Jeff Ireland’s Risky Off-Season: Win Now Or Job Security?


When the Miami Dolphins finished their 2010 season, Jeff Ireland was supposed to be on the chopping block.  He wasn’t.  Tony Sparano was.  It was an ugly off-season marital tiff that had the two splitting up over the love of someone else.  There was no denying that serious fence mending needed to be done between Stephen Ross, Jeff Ireland, and Tony Sparano.

It was, in the end, nothing that a 2 year extension and a raise couldn’t cure.

The pieces for success were not in the cards for Miami.  The defense had the potential to be top 5 across the board but offensively, there simply were too many questions and not enough answers.  Sparano has his job and he has his job cut out for him.  Jeff Ireland quietly went about trying to get the team together.  So ask, did he build this team to win now and give Sparano a legit shot to keep his job after this season, or did he make his decisions for his own job security? Or is the future of Ireland and Sparano tied together?

The NFL draft posed an opportunity for the Dolphins to draft a quarterback.  The team held the 15th overall pick but couldn’t find a suitable trade partner to move back.  They could have drafted Andy Dalton, Kolin Kaepernick, or even Ryan Mallett...all considered reaches at 15, they opted instead for Mike Pouncey.  A safe choice to start a center.

In round 2 they traded up for RB Daniel Thomas leaving Ryan Mallett on the board once again.  Instead of drafting a QB in round 4, they chose speedy WR Edmond “Clyde” Gates.

Looking at the 2011 draft, the Dolphins chose players that would help the team win now.  In essence giving Sparano and Ireland the best opportunity to win this year and thus keep their jobs.  Then free agency started.

With 16 million plus to spend, the Dolphins were expected to be big spenders.  They could redo a few contracts, trim some fat from the payroll, and put themselves in position to be big players.  Did they succeed?

Reggie Bush brings a versatile runner to the Dolphins offense, but he is a question mark as a full load back.  In his NFL career he has primarily been a third down specialist.  While he says that he can be a featured back in Miami, the Dolphins drafted Thomas for that.  So their first big move of free agency is for a specialist and special team player.  They kicked the tires on more featured runners like De’Angelo Williams and Ahmad Bradshaw but in the end money decided it wasn’t worth the effort.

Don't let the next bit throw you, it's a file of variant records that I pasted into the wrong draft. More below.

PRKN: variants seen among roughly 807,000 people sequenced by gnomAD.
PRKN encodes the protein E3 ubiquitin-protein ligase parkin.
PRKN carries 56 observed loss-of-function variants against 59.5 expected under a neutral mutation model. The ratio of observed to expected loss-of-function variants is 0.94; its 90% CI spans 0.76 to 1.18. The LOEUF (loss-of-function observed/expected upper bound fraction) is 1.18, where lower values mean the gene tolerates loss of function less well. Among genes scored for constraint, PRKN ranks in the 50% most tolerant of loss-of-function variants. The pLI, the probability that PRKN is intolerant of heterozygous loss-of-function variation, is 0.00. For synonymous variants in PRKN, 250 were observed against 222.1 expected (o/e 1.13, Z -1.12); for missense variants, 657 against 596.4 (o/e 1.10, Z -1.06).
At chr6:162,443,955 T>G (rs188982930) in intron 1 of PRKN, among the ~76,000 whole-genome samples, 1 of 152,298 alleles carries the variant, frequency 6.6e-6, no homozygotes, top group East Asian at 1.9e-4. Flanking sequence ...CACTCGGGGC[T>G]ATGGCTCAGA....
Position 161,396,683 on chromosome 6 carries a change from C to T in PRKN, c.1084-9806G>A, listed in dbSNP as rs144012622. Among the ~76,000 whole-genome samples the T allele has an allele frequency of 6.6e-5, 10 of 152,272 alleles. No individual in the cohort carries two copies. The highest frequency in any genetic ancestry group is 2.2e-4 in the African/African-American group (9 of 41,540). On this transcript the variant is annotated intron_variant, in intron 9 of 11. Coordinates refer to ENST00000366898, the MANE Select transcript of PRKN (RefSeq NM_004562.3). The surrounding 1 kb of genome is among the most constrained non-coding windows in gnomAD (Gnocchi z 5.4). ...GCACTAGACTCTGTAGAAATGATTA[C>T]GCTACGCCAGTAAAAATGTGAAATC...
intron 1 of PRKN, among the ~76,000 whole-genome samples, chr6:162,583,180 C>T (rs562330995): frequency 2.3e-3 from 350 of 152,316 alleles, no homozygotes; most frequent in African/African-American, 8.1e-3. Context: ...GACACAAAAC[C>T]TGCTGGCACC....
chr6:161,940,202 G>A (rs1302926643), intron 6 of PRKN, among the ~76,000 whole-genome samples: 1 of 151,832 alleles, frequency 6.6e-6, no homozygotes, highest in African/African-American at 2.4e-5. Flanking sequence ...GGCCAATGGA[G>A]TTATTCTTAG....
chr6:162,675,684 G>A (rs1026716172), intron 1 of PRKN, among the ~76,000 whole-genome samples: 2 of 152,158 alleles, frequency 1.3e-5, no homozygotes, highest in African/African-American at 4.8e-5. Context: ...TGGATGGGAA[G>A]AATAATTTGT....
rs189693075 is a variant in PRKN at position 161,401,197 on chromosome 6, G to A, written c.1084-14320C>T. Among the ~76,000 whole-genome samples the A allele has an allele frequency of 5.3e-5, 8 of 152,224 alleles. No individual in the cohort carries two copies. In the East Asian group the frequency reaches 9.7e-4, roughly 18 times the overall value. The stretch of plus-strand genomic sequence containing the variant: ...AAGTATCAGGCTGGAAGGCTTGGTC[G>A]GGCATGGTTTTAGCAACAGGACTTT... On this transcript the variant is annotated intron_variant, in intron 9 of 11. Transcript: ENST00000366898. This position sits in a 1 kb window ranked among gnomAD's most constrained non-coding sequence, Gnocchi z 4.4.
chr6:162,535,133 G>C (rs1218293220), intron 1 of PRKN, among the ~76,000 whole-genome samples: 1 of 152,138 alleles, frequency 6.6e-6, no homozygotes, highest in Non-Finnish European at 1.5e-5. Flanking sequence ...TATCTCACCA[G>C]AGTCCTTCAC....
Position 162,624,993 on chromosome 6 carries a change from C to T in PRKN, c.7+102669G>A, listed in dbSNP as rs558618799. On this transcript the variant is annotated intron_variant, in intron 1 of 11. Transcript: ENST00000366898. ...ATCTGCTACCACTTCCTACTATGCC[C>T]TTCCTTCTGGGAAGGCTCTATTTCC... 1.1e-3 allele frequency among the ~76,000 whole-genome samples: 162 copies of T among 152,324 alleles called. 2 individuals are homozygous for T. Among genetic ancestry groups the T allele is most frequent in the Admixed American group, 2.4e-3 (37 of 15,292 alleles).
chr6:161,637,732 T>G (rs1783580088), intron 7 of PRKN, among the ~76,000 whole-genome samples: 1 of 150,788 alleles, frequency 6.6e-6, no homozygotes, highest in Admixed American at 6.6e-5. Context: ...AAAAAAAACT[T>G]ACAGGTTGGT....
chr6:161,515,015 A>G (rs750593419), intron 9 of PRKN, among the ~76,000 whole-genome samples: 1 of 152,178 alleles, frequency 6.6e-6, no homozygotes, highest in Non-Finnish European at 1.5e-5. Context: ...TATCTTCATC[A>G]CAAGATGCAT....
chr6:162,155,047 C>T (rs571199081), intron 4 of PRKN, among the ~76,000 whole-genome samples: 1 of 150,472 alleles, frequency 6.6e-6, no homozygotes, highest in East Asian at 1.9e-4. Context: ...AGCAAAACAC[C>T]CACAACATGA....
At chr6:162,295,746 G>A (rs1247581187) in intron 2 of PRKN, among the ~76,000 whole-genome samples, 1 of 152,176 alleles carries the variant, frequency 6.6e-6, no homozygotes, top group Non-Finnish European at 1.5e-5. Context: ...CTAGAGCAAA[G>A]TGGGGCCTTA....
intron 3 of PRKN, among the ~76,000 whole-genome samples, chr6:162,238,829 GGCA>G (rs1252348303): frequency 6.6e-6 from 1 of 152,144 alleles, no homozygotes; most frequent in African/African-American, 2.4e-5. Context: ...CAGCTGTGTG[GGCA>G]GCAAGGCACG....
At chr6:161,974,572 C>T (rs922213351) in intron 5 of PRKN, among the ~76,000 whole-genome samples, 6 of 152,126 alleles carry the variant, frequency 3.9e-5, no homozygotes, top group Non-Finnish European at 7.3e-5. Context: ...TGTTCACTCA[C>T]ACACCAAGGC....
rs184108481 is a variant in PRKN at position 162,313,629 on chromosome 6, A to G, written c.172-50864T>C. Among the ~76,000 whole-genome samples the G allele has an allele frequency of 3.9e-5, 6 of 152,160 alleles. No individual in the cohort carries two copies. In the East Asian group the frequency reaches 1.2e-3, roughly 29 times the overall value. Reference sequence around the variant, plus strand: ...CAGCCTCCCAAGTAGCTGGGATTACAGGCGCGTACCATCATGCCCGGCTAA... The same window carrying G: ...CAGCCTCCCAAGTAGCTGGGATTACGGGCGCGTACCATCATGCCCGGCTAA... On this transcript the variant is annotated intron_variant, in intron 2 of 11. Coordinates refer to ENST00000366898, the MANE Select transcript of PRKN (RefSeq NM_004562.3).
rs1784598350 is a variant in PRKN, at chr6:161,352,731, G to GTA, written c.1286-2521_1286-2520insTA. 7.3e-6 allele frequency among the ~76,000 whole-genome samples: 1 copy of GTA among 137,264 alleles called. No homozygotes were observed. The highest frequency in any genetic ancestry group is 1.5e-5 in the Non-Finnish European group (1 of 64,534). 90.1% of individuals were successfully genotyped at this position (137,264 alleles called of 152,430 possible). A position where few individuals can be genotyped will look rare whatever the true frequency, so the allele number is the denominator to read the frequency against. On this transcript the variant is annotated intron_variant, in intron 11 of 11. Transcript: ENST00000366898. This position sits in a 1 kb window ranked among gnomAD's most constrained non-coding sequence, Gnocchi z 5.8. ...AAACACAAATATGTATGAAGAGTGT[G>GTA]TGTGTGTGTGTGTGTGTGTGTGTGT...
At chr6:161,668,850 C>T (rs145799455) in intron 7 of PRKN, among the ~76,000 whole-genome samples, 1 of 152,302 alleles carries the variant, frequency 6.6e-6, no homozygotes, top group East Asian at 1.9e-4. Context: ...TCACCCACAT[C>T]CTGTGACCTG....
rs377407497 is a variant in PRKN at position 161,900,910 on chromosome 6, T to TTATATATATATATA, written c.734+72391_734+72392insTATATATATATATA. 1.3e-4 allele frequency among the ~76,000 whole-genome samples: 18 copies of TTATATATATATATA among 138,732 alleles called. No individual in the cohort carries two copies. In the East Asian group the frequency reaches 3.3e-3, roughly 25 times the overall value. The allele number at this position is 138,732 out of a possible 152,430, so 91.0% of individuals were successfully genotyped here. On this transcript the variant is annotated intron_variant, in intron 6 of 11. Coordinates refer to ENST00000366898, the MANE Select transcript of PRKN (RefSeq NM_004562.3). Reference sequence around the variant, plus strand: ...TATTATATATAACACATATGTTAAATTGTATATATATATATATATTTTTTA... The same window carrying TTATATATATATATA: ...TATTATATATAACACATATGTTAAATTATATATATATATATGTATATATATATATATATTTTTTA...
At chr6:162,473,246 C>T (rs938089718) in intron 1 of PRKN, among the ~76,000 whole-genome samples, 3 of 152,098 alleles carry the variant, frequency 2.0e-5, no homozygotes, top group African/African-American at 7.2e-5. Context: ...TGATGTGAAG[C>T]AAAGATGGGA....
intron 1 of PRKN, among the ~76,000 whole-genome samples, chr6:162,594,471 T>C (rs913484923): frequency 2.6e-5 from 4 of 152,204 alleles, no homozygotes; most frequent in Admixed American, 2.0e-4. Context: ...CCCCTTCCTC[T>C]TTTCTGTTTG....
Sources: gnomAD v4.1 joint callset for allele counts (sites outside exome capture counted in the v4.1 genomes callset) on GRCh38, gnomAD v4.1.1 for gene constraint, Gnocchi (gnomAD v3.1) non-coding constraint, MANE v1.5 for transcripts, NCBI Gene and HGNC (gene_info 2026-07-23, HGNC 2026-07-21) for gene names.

The Phins signed Kevin Burnett, a familiar product of the Tony Sparano/Jeff Ireland Dallas days.  Burnett should upgrade the “defense” in the middle where they cut Channing Crowder.  This move does not however help the offensive side of the ball.  Necessary?  Yes.

Moving back across the line, Ireland trimmed Vernon Carey‘s contract and added Marc Columbo.  Tony Sparano moved Carey to guard and Columbo to RT.  While the move should, on paper, help stabilize the offensive line, it hardly makes the team blatantly better.

And then there is the QB position.  If the reports are true, Jeff Ireland refused to spend the money to get Kyle Orton and refused to turn over the team to guys like Donovan McNabb, Matt Hasslebeck, or even Vince Young.  Instead, Ireland gave Sparano Matt Moore.  

Moore has potential but he is not going to go out and win games on his own.  Not yet.  He is a project to some degree and will take a year to really get into stride despite the fact that he has NFL starting experience.

The Dolphins made some questionable moves this off-season and none inspire confidence that the coaches and GM can turn this team into a legit playoff contender.  For that matter a team that will save the jobs of their coaches and maybe even their GM.  Consider these moves as subjective, meaning were these former teams bad because of them or in spite of them?

Matt Moore – starting QB for the worst team in the NFL in 2010.  Brian Daboll, offensive coordinator of the worst offense in 2010…or close to it.  Hiring Karl Dorrell to be the QB coach for a team that desperately needs a QB…who has never coached QB’s before but instead WR’s.  Passing on pro-bowl free agent lineman and their price tags while kicking the tires of familiar former pro-bowlers over the age of 30 who are cheaper.  Bringing in Jason Taylor to play in passing situations only.

To be honest, I simply don’t know what Ireland is doing this year.  There is no continuity in his moves.  He hasn’t gotten younger, he hasn’t restructured the salary cap situation, hasn’t restructured veterans to longer deals, has drafted contribute now players while signing win now free agents but adding two project QB’s in Moore and Pat Devlin.

As I finish writing this, I’m still as confused as when I started it.  Has Ireland done enough to save Tony Sparano’s job or did he simply do enough to save his?  Does Sparano have on the field a team that can win this year or are the pieces that are in place more for the future.  Is Reggie Bush, Matt Moore, Kevin Burnett, Marc Columbo, and Jason Taylor enough or did the team need to do more?

In past years, I could look and say, “Ireland is putting this team in a position to ‘compete’ now and ‘win’ later”.  This year, I’m not so sure.